Seeing A World In Someone’s Gas Receipt

THE BEST THINGS IN LIFE ARE FREE, BUT FOLKS GOTTA EAT AND GET TO WORK, TOO

Today I was riding with a friend in her mom’s Ford Explorer. I had just met Mom the day before and I thought I’d throw some gas in her car because Mom works at Trader Joe’s on her feet all day and I wanted to do something nice for her because she has a nice daughter who did me a favor recently that saved me some coin.

While daughter used the john, I pulled this receipt from the pump.

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Somebody bought $3.00 worth of gas. Not a gallon of gas, which would have been $3.79, but $3.00.

I imagined this person needing to get home or to work and putting their last three bills in the machine. It wasn’t a swank neighborhood. I have been without a buck, folks, and nobody has to tell anyone how much fun it isn’t.  Looking at this receipt and imagining the circumstances the of the person who put a thimble full of petrol into their engine was especially apropos because of what had happened to me earlier in the day.

One of the maintenance guys in the building where I’m staying this week did me a favor. I tried to give him $20 but he just plain wouldn’t take the money, and that was that. I put it in my back pocket.

I went to the supermarket a bit later and found myself at checkout in back of a Mom with two children whose bill for a full cart of groceries – like a week’s worth, it seemed – came to $13 more than she apparently had. I saw the look on her face as she started putting food items she’d picked back in the basket.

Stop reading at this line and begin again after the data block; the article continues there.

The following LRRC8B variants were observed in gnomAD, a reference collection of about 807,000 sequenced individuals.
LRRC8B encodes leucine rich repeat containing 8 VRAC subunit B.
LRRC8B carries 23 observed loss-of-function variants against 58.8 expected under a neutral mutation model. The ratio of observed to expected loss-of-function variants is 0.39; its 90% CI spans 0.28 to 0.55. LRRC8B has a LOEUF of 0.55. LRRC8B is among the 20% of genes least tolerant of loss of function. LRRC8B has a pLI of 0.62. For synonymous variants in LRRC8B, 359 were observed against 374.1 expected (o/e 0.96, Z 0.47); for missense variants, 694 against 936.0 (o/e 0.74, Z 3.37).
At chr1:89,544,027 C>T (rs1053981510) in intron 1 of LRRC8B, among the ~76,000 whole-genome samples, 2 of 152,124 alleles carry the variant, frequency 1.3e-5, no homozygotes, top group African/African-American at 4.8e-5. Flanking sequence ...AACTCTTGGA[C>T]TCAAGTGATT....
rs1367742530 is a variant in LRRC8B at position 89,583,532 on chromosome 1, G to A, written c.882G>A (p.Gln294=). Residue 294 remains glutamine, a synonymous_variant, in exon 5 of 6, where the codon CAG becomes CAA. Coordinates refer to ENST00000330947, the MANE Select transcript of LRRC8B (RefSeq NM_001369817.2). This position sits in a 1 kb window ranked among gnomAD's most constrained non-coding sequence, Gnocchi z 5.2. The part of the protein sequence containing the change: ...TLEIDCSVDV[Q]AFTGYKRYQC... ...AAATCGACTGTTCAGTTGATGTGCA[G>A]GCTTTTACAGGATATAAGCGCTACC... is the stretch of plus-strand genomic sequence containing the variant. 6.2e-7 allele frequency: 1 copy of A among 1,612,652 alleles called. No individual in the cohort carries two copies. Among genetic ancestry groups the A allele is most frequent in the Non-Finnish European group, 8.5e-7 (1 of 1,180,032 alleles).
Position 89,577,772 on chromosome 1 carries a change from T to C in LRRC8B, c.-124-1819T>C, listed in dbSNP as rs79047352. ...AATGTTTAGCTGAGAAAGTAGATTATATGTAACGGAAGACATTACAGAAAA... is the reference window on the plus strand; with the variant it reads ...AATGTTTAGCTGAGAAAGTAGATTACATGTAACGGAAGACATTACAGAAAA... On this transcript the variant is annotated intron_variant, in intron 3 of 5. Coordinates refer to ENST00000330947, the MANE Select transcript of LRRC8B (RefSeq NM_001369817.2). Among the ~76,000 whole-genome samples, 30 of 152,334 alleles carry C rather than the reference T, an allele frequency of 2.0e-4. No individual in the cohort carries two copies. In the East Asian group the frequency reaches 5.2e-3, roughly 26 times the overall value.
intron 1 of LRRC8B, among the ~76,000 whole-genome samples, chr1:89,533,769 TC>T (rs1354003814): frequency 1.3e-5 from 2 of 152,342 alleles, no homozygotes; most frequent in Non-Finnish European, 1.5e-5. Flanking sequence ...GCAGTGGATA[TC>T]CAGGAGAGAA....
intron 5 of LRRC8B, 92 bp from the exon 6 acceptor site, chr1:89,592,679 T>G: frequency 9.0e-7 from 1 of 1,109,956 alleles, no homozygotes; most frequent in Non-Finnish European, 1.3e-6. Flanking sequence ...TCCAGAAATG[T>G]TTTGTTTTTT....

I know this look because I’ve been in the same situation and it’s pretty frustrating, sickening and embarrassing. When your account is low, you try to remember exactly what’s in there so this doesn’t happen, but sometimes you mess up and you have to look down at your groceries and decide what’s not essential – the eggs? The coffee? The tomatoes? The beans?

I took the $20 from my back pocket, handed it discreetly to the cashier and tilted my head in the direction of the Mom. The cashier’s eyes bulged as if to say, “Really?”

“Go ahead,”  I said. “Don’t say anything.”

The cashier told the Mom she was fine and the mom didn’t understand – how could it be fine? Finally the cashier pointed to me and said “This gentleman paid.” I didn’t look at the lady, so she could save face. She said “Thank you!” and I nodded.  On their way. Perhaps someone will do the same for me one day.

May Goddess bless you with enough money to buy gas and food.

Josh Max/Auto Gigolo

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